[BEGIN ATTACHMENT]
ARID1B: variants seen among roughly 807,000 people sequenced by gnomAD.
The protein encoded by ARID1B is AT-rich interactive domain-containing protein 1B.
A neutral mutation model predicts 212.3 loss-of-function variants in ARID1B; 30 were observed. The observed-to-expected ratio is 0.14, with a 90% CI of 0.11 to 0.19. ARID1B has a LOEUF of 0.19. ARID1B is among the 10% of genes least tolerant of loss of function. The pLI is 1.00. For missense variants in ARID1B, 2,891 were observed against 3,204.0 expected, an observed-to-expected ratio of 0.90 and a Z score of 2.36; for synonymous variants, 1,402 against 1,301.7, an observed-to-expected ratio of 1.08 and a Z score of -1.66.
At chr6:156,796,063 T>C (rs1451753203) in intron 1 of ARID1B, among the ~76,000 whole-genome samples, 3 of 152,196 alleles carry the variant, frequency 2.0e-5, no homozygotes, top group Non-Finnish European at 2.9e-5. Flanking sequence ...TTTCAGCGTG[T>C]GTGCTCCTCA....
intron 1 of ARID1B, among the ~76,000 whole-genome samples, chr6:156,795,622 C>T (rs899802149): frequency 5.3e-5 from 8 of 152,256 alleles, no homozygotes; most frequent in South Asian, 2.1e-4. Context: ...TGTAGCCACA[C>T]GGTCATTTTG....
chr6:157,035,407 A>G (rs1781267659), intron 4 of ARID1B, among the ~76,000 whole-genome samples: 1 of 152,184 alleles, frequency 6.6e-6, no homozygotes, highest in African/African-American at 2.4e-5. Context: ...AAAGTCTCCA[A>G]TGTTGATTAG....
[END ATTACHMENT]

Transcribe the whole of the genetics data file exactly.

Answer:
ARID1B: variants seen among roughly 807,000 people sequenced by gnomAD.
The protein encoded by ARID1B is AT-rich interactive domain-containing protein 1B.
A neutral mutation model predicts 212.3 loss-of-function variants in ARID1B; 30 were observed. The observed-to-expected ratio is 0.14, with a 90% CI of 0.11 to 0.19. ARID1B has a LOEUF of 0.19. ARID1B is among the 10% of genes least tolerant of loss of function. The pLI is 1.00. For missense variants in ARID1B, 2,891 were observed against 3,204.0 expected, an observed-to-expected ratio of 0.90 and a Z score of 2.36; for synonymous variants, 1,402 against 1,301.7, an observed-to-expected ratio of 1.08 and a Z score of -1.66.
At chr6:156,796,063 T>C (rs1451753203) in intron 1 of ARID1B, among the ~76,000 whole-genome samples, 3 of 152,196 alleles carry the variant, frequency 2.0e-5, no homozygotes, top group Non-Finnish European at 2.9e-5. Flanking sequence ...TTTCAGCGTG[T>C]GTGCTCCTCA....
intron 1 of ARID1B, among the ~76,000 whole-genome samples, chr6:156,795,622 C>T (rs899802149): frequency 5.3e-5 from 8 of 152,256 alleles, no homozygotes; most frequent in South Asian, 2.1e-4. Context: ...TGTAGCCACA[C>T]GGTCATTTTG....
chr6:157,035,407 A>G (rs1781267659), intron 4 of ARID1B, among the ~76,000 whole-genome samples: 1 of 152,184 alleles, frequency 6.6e-6, no homozygotes, highest in African/African-American at 2.4e-5. Context: ...AAAGTCTCCA[A>G]TGTTGATTAG....